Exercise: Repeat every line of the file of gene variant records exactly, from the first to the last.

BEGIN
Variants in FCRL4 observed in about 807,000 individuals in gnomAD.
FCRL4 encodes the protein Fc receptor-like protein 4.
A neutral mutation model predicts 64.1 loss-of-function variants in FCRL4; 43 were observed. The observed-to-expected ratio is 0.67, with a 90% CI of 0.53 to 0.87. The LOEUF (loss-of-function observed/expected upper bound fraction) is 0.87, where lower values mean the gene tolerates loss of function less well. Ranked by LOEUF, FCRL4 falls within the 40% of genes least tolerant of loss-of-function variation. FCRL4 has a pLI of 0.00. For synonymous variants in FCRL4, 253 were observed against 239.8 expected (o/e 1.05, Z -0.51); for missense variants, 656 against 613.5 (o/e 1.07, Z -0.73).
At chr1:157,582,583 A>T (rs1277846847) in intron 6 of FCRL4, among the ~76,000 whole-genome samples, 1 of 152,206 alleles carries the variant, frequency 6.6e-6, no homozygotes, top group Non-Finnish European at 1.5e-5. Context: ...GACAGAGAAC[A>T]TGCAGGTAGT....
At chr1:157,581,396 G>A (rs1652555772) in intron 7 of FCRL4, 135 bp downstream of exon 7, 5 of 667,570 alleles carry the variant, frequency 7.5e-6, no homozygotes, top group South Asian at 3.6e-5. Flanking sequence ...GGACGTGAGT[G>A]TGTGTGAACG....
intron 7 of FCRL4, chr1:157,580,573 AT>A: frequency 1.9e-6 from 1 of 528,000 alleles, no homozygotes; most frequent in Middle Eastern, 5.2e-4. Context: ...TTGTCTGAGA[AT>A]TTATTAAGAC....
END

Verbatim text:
Variants in FCRL4 observed in about 807,000 individuals in gnomAD.
FCRL4 encodes the protein Fc receptor-like protein 4.
A neutral mutation model predicts 64.1 loss-of-function variants in FCRL4; 43 were observed. The observed-to-expected ratio is 0.67, with a 90% CI of 0.53 to 0.87. The LOEUF (loss-of-function observed/expected upper bound fraction) is 0.87, where lower values mean the gene tolerates loss of function less well. Ranked by LOEUF, FCRL4 falls within the 40% of genes least tolerant of loss-of-function variation. FCRL4 has a pLI of 0.00. For synonymous variants in FCRL4, 253 were observed against 239.8 expected (o/e 1.05, Z -0.51); for missense variants, 656 against 613.5 (o/e 1.07, Z -0.73).
At chr1:157,582,583 A>T (rs1277846847) in intron 6 of FCRL4, among the ~76,000 whole-genome samples, 1 of 152,206 alleles carries the variant, frequency 6.6e-6, no homozygotes, top group Non-Finnish European at 1.5e-5. Context: ...GACAGAGAAC[A>T]TGCAGGTAGT....
At chr1:157,581,396 G>A (rs1652555772) in intron 7 of FCRL4, 135 bp downstream of exon 7, 5 of 667,570 alleles carry the variant, frequency 7.5e-6, no homozygotes, top group South Asian at 3.6e-5. Flanking sequence ...GGACGTGAGT[G>A]TGTGTGAACG....
intron 7 of FCRL4, chr1:157,580,573 AT>A: frequency 1.9e-6 from 1 of 528,000 alleles, no homozygotes; most frequent in Middle Eastern, 5.2e-4. Context: ...TTGTCTGAGA[AT>A]TTATTAAGAC....